MONTREAL— Paul Byron has been suspended three games by the NHL’s Department of Player Safety for charging MacKenzie Weegar in the second period of his Montreal Canadiens’ 5-1 win over Weegar’s Florida Panthers on Tuesday.
As far as we’re concerned, the punishment fit the crime. If anything, Byron got off light.
Byron’s clean history—this is the first-ever suspension for the veteran of over 400 NHL games (pre-season, regular season and post-season combined)—likely saved him from a lengthier suspension and thousands of more dollars in salary forfeiture. He’s an intense player but he’s never been known as a malicious one, and that in itself makes it doubtful he was targeting Weegar’s head or that he intended to inflict the damage he did on the play in question.
Those factors were obviously taken into account in this decision.
But Byron barreling in on the forecheck at full speed, jumping off the ice and connecting his shoulder to Weegar’s head was reckless at best. The result—Weegar’s head smashed into the glass and forced him to leave the game and submit to concussion protocol—was devastating. And the fact that the officials only deemed it to be a two-minute charging penalty, when they were well within their rights to assess a five-minute major and a game misconduct, all but guaranteed Byron would be hearing from the DoPS and receiving supplementary discipline on Wednesday.
Panthers coach Bob Boughner said after Tuesday’s game that he expected the league to take care of it.
“Byron launches himself excessively upwards, coming off the ice to deliver the hit, and in the process makes significant and forceful head contact,” read the statement in DoPS’ video explanation for its ruling late on Wednesday. “The onus is on Byron not to elevate excessively and launch into the hit. Regardless of Weegar’s movement, there is no reason why the shoulder of Byron should be making direct and forceful contact with Weegar’s head.”
That on its own was worth a couple of games, and Weegar being injured justified the number going to three. Now, Byron and the Canadiens are just going to have to live with the consequences of his actions.
The timing of 29-year-old’s suspension is precarious for the team, which has won three games in a row and is hoping to keep the ball rolling on Friday in Columbus, against a Blue Jackets team that’s won five of its last seven games.
The Canadiens will miss Byron on Saturday, too, against a motivated Philadelphia Flyers team that will be rested and waiting for them in Montreal. And we’re sure they’d love to have him for next Wednesday’s game against the Arizona Coyotes, which will be their last before the NHL’s All-Star Weekend.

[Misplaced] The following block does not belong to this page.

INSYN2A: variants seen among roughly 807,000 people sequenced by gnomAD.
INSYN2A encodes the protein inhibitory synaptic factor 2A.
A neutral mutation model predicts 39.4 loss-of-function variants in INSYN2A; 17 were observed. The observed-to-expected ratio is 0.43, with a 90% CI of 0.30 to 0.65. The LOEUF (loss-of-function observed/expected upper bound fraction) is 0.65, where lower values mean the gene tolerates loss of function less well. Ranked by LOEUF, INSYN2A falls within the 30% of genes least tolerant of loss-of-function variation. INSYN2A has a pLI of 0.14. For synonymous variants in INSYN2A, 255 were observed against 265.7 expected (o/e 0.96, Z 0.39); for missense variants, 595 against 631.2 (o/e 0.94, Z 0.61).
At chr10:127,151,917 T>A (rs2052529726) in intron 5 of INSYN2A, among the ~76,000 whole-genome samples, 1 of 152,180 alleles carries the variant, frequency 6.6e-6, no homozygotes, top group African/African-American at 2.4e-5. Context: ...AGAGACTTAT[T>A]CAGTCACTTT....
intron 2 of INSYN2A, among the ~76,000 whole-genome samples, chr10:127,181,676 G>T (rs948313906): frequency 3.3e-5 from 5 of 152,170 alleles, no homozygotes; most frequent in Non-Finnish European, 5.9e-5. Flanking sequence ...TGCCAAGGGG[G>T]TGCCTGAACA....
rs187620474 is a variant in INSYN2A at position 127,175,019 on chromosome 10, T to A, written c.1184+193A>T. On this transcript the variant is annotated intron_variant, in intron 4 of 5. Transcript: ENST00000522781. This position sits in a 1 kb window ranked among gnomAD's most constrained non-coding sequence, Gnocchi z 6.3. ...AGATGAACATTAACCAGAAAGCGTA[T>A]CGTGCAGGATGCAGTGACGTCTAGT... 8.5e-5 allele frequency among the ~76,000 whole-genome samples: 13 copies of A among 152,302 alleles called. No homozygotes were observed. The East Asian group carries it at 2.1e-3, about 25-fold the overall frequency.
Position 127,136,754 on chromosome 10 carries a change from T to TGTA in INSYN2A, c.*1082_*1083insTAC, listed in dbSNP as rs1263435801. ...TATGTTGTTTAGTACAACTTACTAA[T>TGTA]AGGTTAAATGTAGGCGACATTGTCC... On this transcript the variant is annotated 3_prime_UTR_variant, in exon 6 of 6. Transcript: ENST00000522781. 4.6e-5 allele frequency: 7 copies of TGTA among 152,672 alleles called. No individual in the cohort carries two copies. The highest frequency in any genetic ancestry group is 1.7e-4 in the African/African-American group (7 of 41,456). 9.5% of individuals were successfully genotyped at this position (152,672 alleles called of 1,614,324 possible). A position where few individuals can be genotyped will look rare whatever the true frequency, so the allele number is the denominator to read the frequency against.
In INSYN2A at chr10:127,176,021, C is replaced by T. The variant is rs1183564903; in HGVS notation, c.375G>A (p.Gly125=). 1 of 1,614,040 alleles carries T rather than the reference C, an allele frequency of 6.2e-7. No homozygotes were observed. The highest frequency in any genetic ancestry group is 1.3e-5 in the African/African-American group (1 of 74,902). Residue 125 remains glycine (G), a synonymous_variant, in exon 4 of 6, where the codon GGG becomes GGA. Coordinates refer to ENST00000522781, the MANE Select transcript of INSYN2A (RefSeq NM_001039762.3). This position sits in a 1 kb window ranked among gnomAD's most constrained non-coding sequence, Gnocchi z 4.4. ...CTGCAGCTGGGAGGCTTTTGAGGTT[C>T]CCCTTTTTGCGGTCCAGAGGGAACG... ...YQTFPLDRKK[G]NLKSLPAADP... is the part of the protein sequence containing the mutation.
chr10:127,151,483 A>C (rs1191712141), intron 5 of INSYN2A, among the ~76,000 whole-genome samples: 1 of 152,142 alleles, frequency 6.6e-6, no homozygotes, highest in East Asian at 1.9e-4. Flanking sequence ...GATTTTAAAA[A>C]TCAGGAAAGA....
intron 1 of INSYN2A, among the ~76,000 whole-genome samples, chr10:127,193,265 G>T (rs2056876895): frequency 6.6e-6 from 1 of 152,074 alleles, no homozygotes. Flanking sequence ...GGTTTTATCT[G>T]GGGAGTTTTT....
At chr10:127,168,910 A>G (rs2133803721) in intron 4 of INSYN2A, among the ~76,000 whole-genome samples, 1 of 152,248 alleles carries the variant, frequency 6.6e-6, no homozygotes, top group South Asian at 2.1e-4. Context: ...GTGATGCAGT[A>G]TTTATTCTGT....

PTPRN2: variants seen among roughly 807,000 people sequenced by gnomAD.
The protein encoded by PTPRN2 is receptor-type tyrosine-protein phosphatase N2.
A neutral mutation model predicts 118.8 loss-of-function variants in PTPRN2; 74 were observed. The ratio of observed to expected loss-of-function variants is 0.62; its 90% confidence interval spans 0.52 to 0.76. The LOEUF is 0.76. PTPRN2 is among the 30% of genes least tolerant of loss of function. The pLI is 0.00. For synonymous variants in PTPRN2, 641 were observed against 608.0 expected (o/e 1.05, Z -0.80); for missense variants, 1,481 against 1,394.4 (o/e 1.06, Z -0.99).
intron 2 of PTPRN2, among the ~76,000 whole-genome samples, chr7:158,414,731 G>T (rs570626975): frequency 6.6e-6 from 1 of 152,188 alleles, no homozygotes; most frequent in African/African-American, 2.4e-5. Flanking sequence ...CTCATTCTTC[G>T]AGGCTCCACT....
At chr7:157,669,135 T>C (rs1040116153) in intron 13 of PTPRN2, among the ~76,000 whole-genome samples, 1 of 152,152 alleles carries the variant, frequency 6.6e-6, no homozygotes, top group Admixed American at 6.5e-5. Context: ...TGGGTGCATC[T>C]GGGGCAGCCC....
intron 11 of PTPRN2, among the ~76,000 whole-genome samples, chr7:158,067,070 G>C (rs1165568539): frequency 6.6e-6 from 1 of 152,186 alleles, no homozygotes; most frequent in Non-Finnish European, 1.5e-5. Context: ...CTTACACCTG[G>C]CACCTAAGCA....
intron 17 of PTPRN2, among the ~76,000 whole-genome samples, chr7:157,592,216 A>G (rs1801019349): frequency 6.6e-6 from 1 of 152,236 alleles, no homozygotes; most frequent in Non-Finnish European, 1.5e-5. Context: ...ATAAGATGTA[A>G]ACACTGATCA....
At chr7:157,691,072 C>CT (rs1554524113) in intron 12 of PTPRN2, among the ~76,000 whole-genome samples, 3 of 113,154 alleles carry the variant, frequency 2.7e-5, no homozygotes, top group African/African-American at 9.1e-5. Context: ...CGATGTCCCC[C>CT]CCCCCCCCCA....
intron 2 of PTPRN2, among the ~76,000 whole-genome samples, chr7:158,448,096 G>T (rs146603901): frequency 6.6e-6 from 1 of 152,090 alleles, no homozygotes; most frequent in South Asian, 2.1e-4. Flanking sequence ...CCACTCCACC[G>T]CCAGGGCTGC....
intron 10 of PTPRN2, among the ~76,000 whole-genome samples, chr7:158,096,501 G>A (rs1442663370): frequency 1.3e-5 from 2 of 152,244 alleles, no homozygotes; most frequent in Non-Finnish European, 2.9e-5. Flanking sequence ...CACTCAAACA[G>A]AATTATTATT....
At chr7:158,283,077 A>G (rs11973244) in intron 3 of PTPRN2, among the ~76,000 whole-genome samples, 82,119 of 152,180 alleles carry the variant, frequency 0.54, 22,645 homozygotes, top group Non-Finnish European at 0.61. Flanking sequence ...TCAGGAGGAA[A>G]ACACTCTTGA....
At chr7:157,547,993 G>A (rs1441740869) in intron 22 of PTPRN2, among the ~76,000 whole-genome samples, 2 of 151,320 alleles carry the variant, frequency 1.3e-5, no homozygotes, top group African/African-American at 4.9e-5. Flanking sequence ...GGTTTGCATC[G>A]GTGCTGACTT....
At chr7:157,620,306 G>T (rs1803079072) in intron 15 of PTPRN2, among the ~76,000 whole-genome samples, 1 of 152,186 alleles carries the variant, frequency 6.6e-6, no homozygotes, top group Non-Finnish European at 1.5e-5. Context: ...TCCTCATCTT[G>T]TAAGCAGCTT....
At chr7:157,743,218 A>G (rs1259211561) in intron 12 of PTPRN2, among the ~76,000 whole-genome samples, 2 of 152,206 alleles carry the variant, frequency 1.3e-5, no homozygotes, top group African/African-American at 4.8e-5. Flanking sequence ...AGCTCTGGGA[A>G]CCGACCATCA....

Heck, the Canadiens would miss the man who has 10 goals and 18 points in 34 games this season no matter who they were playing and regardless of the situation they were facing. They certainly had a hard time without him in November, picking up just five wins in 14 games while he nursed a lower-body injury for the entire month.
Over that time, Byron was particularly missed on the penalty kill, which allowed eight goals on 42 attempts and sunk to the bottom tier of the NHL in the category.
It’s an area where the Canadiens will be challenged to replace him now, which hurts the momentum they’ve built in shutting down some of the league’s best power plays and allowing just three goals on 31 attempts in the eight games they’ve played since Jan. 1.
Replacing the Ottawa native at five-on-five will also be challenging for Montreal. Charles Hudon, who’s played just three of the team’s last 23 games might be up for the task offensively. But his lack of versatility could see Canadiens coach Claude Julien turn to Matthew Peca, who’s been scratched for all but six games since Dec. 1.
Perhaps Julien will use both players, but neither can adequately fill the role assistant captain Byron has on the team. It’s hard to imagine one of Kenny Agostino (one goal and zero assists in last 15 games) or Nicolas Deslauriers (two goals and three points in 34 games) moving up from the fourth line and doing the job.
Unfortunate as that is for all parties involved, it could’ve been worse. Byron could have been handed a stiffer penalty by the league, which is ruling with more of an iron fist than it has in recent years when it comes to hits like the one he threw at Weegar.
His unmarked past saved him—and the Canadiens—from that outcome.